1. Limited time only! Sign up for a free 30min personal tutor trial with Chegg Tutors
    Dismiss Notice
Dismiss Notice
Join Physics Forums Today!
The friendliest, high quality science and math community on the planet! Everyone who loves science is here!

Homework Help: Deriving the continuity equation from the Dirac equation (Relativistic Quantum)

  1. Jun 14, 2008 #1
    So I am trying to derive the continuity equation:

    [tex]\frac{\partial}{\partial x^{\mu}}J^{\mu} = 0[/tex]

    From the Dirac equation:

    [tex]i\gamma^{\mu} \frac{\partial}{\partial x^{\mu}}\Psi - \mu\Psi = 0[/tex]

    And its Hermitian adjoint:

    [tex]i\frac{\partial}{\partial x^{\mu}}\overline{\Psi}\gamma^{\mu} - \mu\overline{\Psi} = 0[/tex]


    [tex]\overline{\Psi}=\Psi^{+}\gamma^{0}[/tex] (Dirac conjugate)

    3. The attempt at a solution
    By multiplying the Dirac equation on the right by [tex]\overline{\Psi}[/tex] and the adjoint on the right by [tex]\Psi[/tex] I get:

    [tex]i(\frac{\partial}{\partial x^{\mu}}(\gamma^{\mu}\Psi)\overline{\Psi} + \frac{\partial}{\partial x^{\mu}}(\overline{\Psi})\gamma^{\mu}\Psi) - \mu(\Psi\overline{\Psi} - \overline{\Psi}\Psi)=0[/tex]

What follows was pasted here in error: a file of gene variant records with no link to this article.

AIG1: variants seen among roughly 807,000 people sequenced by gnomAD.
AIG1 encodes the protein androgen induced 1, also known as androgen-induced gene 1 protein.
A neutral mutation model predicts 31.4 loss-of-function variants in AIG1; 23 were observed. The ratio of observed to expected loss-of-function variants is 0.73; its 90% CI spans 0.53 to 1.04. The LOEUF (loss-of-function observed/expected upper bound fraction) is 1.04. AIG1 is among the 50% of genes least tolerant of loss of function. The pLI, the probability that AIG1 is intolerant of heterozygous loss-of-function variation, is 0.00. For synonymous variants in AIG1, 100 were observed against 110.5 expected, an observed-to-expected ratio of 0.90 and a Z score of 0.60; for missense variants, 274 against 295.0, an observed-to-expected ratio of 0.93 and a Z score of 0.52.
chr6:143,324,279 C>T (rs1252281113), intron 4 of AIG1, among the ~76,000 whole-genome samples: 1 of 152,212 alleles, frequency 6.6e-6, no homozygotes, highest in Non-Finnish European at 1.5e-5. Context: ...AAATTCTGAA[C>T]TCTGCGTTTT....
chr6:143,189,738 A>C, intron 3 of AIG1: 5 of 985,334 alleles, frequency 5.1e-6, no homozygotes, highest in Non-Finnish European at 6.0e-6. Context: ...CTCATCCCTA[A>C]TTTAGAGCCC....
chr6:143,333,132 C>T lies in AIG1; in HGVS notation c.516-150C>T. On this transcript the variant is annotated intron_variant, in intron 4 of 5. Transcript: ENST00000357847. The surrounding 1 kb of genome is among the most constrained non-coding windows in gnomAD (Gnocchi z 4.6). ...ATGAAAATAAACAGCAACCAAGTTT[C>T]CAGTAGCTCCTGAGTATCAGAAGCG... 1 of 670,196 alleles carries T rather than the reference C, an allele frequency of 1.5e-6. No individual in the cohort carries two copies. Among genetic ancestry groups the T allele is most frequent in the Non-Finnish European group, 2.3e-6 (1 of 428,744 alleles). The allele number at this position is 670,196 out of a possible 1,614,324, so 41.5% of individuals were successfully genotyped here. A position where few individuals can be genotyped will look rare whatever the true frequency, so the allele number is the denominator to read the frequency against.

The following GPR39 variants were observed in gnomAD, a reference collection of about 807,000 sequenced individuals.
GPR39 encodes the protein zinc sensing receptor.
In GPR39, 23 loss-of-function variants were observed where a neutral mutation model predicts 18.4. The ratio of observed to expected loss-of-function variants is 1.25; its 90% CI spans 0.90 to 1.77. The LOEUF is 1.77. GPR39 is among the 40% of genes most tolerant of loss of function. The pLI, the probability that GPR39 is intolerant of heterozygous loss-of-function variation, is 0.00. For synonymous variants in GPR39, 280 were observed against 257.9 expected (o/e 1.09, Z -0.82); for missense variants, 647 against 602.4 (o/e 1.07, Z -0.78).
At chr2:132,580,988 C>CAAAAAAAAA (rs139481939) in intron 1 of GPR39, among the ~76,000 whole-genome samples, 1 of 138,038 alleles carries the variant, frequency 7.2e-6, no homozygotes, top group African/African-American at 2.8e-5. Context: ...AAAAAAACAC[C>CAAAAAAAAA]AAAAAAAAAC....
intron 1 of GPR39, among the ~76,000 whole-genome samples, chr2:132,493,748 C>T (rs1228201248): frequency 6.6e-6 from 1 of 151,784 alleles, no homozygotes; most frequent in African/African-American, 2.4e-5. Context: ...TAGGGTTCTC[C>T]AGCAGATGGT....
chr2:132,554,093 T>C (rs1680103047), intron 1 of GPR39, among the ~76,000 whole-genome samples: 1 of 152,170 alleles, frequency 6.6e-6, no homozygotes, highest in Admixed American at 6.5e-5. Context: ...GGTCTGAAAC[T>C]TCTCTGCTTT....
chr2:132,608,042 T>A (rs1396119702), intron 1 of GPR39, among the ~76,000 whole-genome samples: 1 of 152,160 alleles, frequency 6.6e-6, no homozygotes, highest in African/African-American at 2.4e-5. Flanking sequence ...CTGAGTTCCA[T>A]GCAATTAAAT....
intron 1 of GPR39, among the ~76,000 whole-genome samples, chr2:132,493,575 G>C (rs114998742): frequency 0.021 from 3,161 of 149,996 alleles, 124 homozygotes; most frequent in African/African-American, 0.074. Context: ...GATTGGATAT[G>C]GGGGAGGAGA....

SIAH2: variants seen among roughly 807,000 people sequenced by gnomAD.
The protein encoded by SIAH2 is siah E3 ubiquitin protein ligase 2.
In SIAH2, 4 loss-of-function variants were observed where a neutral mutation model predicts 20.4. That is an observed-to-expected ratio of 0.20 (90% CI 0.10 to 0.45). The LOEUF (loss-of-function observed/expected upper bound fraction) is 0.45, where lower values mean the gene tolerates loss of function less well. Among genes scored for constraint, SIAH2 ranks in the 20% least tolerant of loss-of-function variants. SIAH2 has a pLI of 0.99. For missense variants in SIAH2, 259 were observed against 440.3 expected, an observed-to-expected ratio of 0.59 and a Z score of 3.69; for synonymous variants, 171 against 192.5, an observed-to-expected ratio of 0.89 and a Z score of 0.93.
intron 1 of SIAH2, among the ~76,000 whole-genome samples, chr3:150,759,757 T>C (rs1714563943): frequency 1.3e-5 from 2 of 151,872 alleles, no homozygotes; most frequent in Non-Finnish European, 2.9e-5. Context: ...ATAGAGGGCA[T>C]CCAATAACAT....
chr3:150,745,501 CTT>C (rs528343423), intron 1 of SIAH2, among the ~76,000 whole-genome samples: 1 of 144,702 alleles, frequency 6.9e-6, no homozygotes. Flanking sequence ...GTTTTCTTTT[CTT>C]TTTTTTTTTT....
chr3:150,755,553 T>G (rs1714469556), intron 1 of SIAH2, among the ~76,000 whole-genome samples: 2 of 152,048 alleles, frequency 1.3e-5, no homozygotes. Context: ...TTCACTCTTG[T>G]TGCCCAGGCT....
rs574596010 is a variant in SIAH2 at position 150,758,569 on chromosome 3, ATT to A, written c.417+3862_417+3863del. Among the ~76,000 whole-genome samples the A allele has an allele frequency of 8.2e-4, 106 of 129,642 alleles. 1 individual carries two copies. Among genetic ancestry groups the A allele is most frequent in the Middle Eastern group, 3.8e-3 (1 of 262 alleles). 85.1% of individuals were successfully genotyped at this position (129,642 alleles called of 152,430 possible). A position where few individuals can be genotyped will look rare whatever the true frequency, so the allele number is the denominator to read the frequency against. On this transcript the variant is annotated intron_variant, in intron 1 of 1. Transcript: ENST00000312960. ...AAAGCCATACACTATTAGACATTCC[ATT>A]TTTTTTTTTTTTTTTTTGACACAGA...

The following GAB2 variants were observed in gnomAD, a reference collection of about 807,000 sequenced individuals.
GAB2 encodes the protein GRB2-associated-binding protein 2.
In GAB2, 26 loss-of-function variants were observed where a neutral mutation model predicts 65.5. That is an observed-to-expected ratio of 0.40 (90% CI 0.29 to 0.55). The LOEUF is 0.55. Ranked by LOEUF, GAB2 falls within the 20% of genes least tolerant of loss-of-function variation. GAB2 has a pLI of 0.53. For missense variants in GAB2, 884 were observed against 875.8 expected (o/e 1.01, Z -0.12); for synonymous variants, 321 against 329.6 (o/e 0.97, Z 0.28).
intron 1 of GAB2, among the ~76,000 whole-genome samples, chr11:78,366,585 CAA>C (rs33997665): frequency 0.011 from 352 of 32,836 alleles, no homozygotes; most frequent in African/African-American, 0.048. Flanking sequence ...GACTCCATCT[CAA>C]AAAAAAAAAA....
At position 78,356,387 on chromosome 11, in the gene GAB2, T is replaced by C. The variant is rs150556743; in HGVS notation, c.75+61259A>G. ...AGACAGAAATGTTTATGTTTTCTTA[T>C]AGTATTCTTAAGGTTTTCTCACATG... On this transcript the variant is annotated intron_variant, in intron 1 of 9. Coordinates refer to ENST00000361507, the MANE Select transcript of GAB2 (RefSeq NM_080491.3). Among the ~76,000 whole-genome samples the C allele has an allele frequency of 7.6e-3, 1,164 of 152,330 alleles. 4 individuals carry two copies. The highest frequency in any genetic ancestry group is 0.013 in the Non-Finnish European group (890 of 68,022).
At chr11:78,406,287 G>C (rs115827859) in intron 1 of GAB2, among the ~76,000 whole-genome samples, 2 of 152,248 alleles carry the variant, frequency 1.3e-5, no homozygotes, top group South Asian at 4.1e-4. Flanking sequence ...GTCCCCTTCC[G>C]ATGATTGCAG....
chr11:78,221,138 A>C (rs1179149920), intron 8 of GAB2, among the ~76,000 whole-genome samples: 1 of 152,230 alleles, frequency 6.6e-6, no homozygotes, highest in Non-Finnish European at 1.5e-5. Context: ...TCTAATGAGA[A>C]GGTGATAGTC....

The first term is basically what I am after (except I am not 100% sure I can simply apply the product rule - what is the correct order?) which means I shoudl expect the second term to go to zero:

    [tex]\Psi\overline{\Psi} - \overline{\Psi}\Psi =0[/tex]

    But because [tex]\gamma^{0}[/tex] is a 4x4 matrix, [tex]\Psi[/tex] is a 4x1 and [tex]\overline{\Psi}[/tex] is a 1x4, I should also expect the second term to be multiplied by the 4x4 identity matrix (so that the subtraction makes sense). However the first term is NOT a constant multiplied by the identity so I don't see how this works.

    Any help would be greatly appreciated...
  2. jcsd
  3. Jun 15, 2008 #2


    User Avatar
    Science Advisor
    Homework Helper

    Hi toam! :smile:

    Don't you have to multiply one of them on the left? :confused:
  4. Jun 15, 2008 #3
    I tried that and got something else that didn't work. However I will try again because I was surprised that it didn't work so I may have made a mistake or missed something obvious...
  5. Jun 15, 2008 #4
    Ok so it turned out I had multiplied the wrong function on the left. It worked out quite simply when I fixed that. The lecture notes had erroneously shown both functions multiplied on the right.

    Thanks, tiny-tim.
Share this great discussion with others via Reddit, Google+, Twitter, or Facebook